Like other vegetables in the nightshade family, Brinjal can cause allergic reactions in a small part of the population. These reactions can range from mild throat itching, skin rashes across the body, discomfort, or hoarseness. It’s necessary to note that only a tiny fraction of individuals suffer from brinjal allergies. However, if you exhibit these symptoms after consuming brinjal, it’s advisable to discontinue its usage and consult a healthcare provider. Those with known allergies to nightshade family plants should be cautious when introducing brinjal into their diet.

Oxalate Content

Brinjal contains oxalates, naturally occurring substances found in many plants. If consumed in large amounts, oxalates can form crystals in the body. These crystals can contribute to the development of kidney stones, a painful condition involving the buildup of hard deposits in the kidneys. Thus, if you are susceptible to kidney stones or are following a low-oxalate diet, limiting your intake of brinjal would be wise.

Pregnant and Nursing Women

Though brinjal is rich in essential nutrients beneficial for pregnancy and lactation, it should be consumed cautiously. It’s best to consult a medical professional to ascertain the safe consumption limits during these periods. Inappropriate or excessive consumption might lead to adverse effects such as digestive issues. Moreover, it’s important to note any allergic reaction after consuming brinjal during pregnancy or while breastfeeding, as this could affect the baby’s health.

Also Read: How to make Brinjal Pickles.


The humble brinjal, or eggplant, is a nutrition-packed vegetable with numerous health benefits when incorporated into a balanced diet. With its impressive nutrient profile and incredible versatility in the kitchen, brinjal enhances both the taste and nutritional value of your meals. The abundance of essential nutrients and antioxidants in brinjal offers significant health benefits such as improved digestive health, enhanced cognitive function, better blood sugar control, weight management, and reduced risk of chronic diseases.

Individuals with specific health concerns, such as allergies, digestive issues, kidney stones, or pregnant and nursing women, should consult with a healthcare provider before incorporating brinjal into their meals.

Frequently Asked Questions

Which colour of Brinjal is best for your health?

All brinjal varieties, whether purple, green, or white, possess valuable nutrients. However, the darker the skin, the higher the phytonutrient content. Therefore, the deep purple brinjals might provide more health benefits due to their high antioxidant content.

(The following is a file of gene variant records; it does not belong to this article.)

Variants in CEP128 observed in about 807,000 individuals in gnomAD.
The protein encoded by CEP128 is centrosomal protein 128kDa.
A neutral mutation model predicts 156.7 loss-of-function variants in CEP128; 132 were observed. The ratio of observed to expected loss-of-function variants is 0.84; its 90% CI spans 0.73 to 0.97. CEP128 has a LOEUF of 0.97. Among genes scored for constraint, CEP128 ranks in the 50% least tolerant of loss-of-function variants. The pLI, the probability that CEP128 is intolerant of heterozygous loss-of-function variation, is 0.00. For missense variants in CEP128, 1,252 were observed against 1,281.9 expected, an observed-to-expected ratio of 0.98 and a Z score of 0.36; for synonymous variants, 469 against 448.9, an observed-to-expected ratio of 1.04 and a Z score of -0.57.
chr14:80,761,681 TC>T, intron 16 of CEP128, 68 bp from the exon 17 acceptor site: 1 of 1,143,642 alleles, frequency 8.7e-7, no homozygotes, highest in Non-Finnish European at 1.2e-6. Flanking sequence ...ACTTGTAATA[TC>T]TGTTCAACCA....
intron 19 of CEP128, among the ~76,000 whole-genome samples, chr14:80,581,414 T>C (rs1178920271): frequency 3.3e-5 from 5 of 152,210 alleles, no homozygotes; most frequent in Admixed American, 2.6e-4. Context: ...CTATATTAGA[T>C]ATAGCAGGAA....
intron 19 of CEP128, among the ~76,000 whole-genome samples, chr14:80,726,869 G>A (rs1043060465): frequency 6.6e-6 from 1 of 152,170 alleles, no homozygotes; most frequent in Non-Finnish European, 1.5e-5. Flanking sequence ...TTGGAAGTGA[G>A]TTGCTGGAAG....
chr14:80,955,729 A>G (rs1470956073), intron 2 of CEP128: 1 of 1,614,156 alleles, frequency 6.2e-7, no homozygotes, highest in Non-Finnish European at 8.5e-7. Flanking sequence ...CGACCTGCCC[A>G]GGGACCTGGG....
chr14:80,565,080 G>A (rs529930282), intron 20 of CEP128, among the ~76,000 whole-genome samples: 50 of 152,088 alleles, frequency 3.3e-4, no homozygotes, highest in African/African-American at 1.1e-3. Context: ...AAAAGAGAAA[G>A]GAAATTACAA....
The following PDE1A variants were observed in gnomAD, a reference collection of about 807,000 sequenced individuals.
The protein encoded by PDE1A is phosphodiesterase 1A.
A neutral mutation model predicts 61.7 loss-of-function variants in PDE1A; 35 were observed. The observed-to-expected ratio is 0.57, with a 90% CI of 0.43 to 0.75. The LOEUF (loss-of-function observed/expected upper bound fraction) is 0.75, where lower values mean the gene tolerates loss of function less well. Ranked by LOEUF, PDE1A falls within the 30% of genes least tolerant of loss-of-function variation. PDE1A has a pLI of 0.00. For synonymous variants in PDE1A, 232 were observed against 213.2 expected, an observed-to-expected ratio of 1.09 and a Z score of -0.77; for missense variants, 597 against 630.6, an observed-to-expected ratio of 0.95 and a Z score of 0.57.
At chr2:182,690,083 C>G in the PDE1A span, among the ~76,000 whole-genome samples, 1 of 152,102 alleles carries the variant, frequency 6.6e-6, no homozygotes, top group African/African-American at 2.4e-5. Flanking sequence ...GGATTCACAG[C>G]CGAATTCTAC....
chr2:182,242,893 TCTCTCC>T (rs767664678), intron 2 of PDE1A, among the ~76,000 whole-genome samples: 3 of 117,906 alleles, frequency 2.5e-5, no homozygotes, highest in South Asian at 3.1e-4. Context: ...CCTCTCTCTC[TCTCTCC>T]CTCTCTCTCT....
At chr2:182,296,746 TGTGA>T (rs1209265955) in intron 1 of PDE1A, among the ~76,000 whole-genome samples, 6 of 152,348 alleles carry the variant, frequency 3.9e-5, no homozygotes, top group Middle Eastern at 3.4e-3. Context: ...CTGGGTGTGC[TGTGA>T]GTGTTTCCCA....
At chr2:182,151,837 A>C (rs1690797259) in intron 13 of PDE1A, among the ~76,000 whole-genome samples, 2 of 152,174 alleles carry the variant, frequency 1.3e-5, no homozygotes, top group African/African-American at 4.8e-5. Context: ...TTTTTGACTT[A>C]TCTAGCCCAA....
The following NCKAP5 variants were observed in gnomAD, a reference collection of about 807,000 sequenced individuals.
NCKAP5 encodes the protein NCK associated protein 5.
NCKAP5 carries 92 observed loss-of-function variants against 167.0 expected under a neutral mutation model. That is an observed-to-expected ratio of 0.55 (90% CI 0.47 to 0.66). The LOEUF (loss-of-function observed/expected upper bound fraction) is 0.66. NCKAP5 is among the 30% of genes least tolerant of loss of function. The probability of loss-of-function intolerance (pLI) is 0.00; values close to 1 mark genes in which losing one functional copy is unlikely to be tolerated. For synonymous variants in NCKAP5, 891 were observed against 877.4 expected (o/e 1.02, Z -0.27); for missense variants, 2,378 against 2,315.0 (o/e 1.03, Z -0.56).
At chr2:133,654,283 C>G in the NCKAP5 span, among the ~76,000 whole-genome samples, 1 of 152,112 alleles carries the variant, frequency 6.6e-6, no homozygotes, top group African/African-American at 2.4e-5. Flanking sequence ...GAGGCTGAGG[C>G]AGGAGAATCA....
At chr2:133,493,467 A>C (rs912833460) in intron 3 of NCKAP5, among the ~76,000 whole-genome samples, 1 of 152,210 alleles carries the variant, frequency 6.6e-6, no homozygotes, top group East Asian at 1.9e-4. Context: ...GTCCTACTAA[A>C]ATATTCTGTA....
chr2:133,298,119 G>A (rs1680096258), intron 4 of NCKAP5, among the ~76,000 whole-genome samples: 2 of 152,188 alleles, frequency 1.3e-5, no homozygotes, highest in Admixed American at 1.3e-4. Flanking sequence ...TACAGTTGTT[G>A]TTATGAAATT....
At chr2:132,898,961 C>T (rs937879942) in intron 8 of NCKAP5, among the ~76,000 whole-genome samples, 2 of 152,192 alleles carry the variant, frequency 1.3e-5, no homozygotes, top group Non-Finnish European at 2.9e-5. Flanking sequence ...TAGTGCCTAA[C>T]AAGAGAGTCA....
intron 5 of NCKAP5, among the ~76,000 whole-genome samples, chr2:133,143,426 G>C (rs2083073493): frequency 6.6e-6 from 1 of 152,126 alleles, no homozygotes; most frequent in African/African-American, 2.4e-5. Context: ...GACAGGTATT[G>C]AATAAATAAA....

What is the ideal cooking method for brinjal to retain its nutrients?

The ideal cooking method for brinjal varies depending on personal preferences and specific dietary considerations. However, steaming or stir-frying brinjal is generally considered healthier. These techniques help maintain the maximum nutrients while rendering the brinjal tender and delicious.

Is it safe to eat the skin of a brinjal?

Yes, the skin of a brinjal is safe to eat. It is packed with essential nutrients and antioxidants, which contribute significantly to its health benefits. However, ensure the brinjal is thoroughly washed before consumption to remove dirt or pesticides.

Can you eat brinjal every day?

While brinjal is a nutritious vegetable, its daily consumption should depend on individual health, dietary needs, and tolerance. Incorporating brinjal into daily meals could provide various health benefits for most healthy individuals. If you have specific health issues like kidney stones or allergies, consult your healthcare provider.

How do you store brinjal to maintain freshness?

To keep brinjals fresh, store them in the refrigerator. It’s best to store them in a loose plastic bag, as this allows them to breathe and retain their freshness longer. Additionally, try to use the brinjals as soon as possible after purchasing them to maintain their flavour and nutrient content.

Is it necessary to salt brinjal before cooking?

While salting brinjal before cooking is not obligatory, this process, known as “sweating,” can reduce the vegetable’s bitterness and prevent it from absorbing too much oil during cooking. Accordingly, salting brinjal before cooking is a common practice that enhances its taste and texture.